Tata Steel confirms 270 job losses at two plants in Scotland
Tata said it would stop production of steel plate with Dalzell and Clydebridge mills to be mothballed.
Tata Steel has confirmed it will shed 270 Scottish jobs at two steel mill plants in Scotland as part of nationwide cuts in the business.
Workers at the Dalzell mill in Motherwell and at Clydebridge in Cambuslang are affected, with 900 jobs also being cut at its plant in Scunthorpe.
On Friday it emerged the jobs would be under threat after challenges in the industry such as "surging imports, compounded by the strong pound and uncompetitive policy costs".
The company confirmed its Long Products Europe business would stop production of steel plate with mills in Scunthorpe, Dalzell and Clydebridge being mothballed.
Karl Koehler, chief executive of Tata Steel’s European operations, said: "I realise how distressing this news will be for all those affected. We have looked at all other options before proposing these changes.
"We will work closely with affected employees and their trade union representatives. We will look to redeploy employees, wherever possible, and minimise employee hardship.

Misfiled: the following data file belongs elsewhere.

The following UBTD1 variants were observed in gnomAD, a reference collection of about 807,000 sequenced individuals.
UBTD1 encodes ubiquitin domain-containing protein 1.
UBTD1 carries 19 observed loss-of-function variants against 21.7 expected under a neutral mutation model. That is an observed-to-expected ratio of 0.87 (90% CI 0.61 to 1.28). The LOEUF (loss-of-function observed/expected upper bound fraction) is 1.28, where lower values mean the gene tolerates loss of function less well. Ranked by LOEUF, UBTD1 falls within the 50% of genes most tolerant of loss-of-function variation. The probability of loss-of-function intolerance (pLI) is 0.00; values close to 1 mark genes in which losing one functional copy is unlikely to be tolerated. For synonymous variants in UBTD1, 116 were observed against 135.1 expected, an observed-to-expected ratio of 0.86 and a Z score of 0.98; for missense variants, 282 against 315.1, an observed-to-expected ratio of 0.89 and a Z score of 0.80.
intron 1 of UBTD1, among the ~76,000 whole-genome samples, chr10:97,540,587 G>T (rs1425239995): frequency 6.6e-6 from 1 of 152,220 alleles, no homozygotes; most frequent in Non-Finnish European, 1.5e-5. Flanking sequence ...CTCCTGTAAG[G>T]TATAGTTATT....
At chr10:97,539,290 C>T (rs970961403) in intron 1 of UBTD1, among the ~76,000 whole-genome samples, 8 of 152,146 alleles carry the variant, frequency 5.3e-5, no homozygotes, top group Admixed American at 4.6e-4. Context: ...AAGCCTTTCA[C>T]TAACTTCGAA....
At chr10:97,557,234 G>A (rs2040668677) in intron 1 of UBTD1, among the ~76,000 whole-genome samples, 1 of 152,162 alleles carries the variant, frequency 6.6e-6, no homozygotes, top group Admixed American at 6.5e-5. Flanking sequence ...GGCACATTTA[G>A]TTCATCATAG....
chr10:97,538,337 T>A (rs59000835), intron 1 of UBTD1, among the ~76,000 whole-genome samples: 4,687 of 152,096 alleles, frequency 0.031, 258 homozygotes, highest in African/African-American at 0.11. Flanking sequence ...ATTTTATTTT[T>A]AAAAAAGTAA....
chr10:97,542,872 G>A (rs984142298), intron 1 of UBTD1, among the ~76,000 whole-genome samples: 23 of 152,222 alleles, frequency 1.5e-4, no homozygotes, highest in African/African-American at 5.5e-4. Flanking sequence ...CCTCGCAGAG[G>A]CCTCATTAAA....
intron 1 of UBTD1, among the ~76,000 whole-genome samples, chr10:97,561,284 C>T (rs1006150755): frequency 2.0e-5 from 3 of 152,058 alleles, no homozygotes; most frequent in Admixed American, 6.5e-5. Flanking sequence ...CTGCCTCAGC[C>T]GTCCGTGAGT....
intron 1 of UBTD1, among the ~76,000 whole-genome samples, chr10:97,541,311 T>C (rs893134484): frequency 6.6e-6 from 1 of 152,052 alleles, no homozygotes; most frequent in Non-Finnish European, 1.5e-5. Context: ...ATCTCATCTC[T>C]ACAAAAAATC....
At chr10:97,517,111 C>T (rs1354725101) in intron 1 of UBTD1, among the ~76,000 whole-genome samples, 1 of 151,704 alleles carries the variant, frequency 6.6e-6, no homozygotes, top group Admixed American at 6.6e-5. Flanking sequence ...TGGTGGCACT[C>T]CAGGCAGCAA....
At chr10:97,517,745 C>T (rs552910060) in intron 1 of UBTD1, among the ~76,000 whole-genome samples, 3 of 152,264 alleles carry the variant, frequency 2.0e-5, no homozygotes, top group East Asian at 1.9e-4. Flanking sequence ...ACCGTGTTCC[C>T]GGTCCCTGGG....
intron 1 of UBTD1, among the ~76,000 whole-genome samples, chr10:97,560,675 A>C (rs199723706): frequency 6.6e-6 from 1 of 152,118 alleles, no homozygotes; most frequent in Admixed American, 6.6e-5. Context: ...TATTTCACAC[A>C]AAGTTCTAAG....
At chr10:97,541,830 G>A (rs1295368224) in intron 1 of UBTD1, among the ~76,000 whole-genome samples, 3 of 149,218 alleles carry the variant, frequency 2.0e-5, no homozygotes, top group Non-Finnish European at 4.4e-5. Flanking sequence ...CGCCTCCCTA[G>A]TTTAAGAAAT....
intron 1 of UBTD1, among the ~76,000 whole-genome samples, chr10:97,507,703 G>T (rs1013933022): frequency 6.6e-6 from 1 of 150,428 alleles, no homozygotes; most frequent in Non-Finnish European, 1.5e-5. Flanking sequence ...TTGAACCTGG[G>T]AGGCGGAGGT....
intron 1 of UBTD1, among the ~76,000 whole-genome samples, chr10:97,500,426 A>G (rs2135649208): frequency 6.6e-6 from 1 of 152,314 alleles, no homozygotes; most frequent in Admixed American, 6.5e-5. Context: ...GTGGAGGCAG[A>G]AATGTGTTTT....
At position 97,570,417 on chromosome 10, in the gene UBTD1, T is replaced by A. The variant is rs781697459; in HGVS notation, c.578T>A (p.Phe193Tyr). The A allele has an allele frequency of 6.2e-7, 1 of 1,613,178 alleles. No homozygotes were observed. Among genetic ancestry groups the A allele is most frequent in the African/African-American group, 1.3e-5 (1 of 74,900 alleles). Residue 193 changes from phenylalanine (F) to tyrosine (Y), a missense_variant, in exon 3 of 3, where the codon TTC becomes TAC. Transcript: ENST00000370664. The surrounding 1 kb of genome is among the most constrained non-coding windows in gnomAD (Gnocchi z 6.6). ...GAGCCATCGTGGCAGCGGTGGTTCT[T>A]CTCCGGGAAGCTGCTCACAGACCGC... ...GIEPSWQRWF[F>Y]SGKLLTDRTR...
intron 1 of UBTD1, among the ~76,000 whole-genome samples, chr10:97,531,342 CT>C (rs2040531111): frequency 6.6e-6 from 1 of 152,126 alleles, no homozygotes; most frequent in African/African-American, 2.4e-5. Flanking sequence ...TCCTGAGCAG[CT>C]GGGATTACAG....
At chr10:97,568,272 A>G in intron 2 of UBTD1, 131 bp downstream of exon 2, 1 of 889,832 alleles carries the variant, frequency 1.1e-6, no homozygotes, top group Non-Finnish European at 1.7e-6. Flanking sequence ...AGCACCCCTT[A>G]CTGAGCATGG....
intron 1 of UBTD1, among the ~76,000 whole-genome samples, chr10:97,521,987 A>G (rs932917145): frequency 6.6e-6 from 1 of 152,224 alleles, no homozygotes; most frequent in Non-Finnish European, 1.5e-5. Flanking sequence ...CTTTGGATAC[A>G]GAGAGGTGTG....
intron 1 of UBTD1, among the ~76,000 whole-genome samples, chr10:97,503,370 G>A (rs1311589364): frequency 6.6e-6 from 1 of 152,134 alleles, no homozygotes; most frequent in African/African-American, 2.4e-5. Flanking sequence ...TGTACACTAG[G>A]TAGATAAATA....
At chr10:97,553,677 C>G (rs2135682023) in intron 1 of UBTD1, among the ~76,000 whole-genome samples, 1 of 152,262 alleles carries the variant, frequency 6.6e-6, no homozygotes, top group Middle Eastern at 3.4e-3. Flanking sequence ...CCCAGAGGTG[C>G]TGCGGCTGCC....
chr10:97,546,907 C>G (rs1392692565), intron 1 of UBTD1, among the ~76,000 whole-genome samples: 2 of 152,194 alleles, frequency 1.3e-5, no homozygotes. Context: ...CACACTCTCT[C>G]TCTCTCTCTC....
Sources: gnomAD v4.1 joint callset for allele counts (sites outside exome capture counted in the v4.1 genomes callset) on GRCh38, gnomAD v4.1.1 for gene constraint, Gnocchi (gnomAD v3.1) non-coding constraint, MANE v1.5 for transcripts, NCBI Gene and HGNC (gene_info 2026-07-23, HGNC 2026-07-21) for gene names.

"The UK steel industry is struggling for survival in the face of extremely challenging market conditions. This industry has a crucial role to play in rebalancing the UK economy, but we need a fairer system to encourage growth.
"The European Commission needs to do much more to deal with unfairly traded imports – inaction threatens the future of the entire European steel industry."
Speaking outside Dalzell steelworks, Tata Europe HR director Tor Farquhar said "every possibility had been explored to keep the sites open".
He added: "It's an extremely difficult day for the employees most of all, and for the company.
"It's a day we've tried to avoid and done everything we possibly can to try and find a profitable future for these parts of the business, but the steel industry in the UK faces massive challenges.
"The challenges are several fold but the biggest challenge is really the Chinese steel industry and the amount of imports coming into Europe, which is the same tonnage as the whole steel capacity of Europe.